This is a common question that people typically ask when they first consider the idea of learning the guitar, and it’s also one of those questions that a person can answer in a number of ways. I had a guitar teacher starting from when I was around 12 years old until I was 18 years old and I learned a lot from that time, including how to read music although my skills aren’t what they used to be.
A teacher is worth it for more than this reason, however. One understated reason – and one that’s related to every skill and discipline – is that a teacher will point out blind spots that aren’t obvious or even visible to you, but noticeable to everyone else. That said, there are others that are more guitar-specific.
Taking guitar lessons from a competent teacher is one of the best things a student can do because they’ll cut your learning curve while you’re learning fundamentals like reading music including tablature, how to sit and hold the instrument properly, picking technique, and how to change the strings.
Related to the first point I made regarding a teacher’s ability to point out blind spots, which, by definition, are impossible for the person to see – a newbie to the guitar will encounter a number of different problems at the very beginning of their journey that people who have played for a long time have long forgotten about. We’ll talk about what those are now.
By the way, there are always deals going on in the guitar and music world, so here are some of my favorite products and gear that are on sale right now:
|Native Instruments’ Guitar Rig 6 Pro|
|Punkademic’s [Beginner to Advanced] Music Theory Course|
Use the coupon code: “producersociety”
Why Guitar Lessons Are Worth It
Some of the things a guitar teacher can help you with include the following:
- Getting over the phase where your fingers are sore from the strings
- learning how to read tablature
- learning how to sit with the instrument properly
- understanding what chords are and how to play them
- as well as more functional things like understanding which guitar you should purchase first
- in addition to setting it up
- changing the strings
- dialing in the EQ on the amplifier
- and understanding the differences between distortion and clean
- FX pedals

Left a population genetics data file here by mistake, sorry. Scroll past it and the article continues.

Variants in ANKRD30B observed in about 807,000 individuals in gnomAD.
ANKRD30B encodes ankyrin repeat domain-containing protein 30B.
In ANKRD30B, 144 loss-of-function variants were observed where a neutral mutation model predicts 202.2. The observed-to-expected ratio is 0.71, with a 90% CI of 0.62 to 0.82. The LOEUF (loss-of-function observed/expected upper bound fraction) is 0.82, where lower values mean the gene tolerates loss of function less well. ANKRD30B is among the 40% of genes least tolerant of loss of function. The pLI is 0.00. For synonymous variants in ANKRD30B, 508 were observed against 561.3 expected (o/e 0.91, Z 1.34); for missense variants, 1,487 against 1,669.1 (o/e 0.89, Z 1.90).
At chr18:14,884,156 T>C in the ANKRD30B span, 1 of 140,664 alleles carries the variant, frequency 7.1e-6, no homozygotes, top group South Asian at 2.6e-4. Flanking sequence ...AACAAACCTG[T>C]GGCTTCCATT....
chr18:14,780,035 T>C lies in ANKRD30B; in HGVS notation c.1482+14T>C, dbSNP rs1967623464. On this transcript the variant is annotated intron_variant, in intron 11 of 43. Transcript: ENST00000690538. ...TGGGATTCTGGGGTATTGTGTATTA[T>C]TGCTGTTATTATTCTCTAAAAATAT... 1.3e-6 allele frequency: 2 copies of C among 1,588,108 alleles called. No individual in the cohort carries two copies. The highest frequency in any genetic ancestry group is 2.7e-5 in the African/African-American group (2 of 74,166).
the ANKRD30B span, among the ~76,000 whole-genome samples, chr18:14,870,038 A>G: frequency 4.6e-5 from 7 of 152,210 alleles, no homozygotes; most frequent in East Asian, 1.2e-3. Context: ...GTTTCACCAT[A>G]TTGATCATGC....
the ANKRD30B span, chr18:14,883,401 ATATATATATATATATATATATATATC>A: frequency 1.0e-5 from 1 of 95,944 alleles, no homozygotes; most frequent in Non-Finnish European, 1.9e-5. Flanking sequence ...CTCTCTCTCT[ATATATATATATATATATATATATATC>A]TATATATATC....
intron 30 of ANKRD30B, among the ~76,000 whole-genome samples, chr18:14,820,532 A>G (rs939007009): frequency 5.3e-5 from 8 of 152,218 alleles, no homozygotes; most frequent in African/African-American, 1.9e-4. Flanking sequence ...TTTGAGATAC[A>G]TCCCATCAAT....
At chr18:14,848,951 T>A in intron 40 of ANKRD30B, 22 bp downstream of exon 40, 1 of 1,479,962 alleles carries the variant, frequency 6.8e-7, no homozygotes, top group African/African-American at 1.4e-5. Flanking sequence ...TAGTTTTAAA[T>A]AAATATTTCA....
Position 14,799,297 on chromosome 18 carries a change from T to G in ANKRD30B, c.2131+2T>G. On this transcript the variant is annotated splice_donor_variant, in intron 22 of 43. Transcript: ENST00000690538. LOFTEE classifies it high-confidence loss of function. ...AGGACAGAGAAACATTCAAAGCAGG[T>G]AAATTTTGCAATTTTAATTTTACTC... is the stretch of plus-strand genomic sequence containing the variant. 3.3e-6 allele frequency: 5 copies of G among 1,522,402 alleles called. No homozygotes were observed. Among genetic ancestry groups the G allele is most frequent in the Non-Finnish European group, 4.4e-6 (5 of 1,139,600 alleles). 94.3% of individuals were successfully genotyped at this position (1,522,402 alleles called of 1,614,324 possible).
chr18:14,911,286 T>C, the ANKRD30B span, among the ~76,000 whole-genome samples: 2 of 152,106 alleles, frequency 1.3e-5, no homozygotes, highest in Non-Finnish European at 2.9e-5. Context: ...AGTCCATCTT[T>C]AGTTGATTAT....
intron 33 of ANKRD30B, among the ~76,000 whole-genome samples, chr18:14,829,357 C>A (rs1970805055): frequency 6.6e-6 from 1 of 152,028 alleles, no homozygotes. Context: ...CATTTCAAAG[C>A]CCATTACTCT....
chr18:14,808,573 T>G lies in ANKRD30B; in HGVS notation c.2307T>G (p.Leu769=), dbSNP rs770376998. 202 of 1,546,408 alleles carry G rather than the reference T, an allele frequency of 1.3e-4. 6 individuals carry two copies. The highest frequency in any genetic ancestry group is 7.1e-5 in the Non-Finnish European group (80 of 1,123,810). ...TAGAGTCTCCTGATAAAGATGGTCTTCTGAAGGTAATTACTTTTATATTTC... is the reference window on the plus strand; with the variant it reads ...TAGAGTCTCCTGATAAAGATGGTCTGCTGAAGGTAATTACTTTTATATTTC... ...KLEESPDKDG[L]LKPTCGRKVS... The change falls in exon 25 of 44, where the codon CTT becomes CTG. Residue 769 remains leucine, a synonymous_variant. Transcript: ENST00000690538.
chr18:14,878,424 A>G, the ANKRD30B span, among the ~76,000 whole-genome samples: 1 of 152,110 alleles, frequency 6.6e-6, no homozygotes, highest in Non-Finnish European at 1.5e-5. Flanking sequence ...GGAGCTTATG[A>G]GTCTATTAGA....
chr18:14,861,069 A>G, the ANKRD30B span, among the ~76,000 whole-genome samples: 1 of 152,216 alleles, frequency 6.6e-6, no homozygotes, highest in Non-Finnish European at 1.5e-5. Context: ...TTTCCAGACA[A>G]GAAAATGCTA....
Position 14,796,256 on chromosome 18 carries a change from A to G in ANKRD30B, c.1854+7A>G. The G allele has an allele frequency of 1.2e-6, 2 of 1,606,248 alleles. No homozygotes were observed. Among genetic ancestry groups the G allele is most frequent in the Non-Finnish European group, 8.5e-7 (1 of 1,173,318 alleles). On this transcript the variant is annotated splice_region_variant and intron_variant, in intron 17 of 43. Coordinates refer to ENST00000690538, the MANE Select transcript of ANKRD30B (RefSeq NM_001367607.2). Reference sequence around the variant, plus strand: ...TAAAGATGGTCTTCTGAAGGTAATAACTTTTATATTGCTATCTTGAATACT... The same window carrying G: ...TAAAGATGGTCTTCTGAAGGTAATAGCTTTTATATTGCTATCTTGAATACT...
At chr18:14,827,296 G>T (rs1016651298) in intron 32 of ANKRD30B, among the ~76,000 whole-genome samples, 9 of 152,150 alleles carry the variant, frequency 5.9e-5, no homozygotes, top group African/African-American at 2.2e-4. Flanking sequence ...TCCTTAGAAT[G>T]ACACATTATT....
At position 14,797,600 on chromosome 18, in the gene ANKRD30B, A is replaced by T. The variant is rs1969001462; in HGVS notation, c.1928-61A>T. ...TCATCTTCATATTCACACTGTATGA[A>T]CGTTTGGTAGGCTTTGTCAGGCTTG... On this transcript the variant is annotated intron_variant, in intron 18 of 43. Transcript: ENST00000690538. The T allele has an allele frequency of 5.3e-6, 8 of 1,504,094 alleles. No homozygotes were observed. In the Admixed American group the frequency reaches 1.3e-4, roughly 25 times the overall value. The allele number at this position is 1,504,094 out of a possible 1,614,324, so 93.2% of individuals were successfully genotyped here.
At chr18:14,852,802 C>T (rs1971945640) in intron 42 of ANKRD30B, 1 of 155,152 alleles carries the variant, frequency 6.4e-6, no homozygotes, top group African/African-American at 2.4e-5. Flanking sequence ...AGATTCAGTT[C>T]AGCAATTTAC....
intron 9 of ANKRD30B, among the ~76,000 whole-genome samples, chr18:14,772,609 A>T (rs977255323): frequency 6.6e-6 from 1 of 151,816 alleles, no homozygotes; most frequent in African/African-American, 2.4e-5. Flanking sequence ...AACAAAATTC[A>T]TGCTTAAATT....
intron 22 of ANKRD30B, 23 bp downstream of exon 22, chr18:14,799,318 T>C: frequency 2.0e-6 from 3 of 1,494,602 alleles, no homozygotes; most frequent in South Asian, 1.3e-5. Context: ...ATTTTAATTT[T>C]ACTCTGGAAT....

1) A Good Teacher Will Cut Your Learning Curve
There are so many different things that might be a bit confusing to learn at first, and having a good teacher from a respectable institution – or even just someone with a great reputation – will help you save a lot of time and cut your learning curve dramatically. This is something that Redditers agree with me on as well:
With that said, once you’ve learned the most basic things about the instrument including how to play it, it’s best to move on to the next phase. Truthfully, the average guitar teacher is simply not that great, and when you’re first learning, you likely won’t know the difference between a phenomenal teacher (the Guitar Tricks instructors are great, for example), and a bad teacher.
However, even an average teacher will have the ability to explain things to you that will save you time, energy, and money in the beginning stages of your journey. When I first started playing the guitar, I had two teachers for a span of 8 years, and toward the end of it, I started to realize that my teacher was really just taking advantage of the weekly pay-check and really wasn’t caring whether I was making progress or not.
If I’m being honest with myself, I would say that this was 95% my fault, because I was more interested in learning how to play my favorite metal songs, and I wasn’t actually engaged with the lesson.
Note: A Student Has To Be Engaged To Benefit From Lessons
In other words, whether or not it’s worth it to continue taking lessons after the first year is up to you and your level of engagement with the teacher and their lessons, but also the quality of your teacher, although less so. Your engagement is the most important thing, for sure.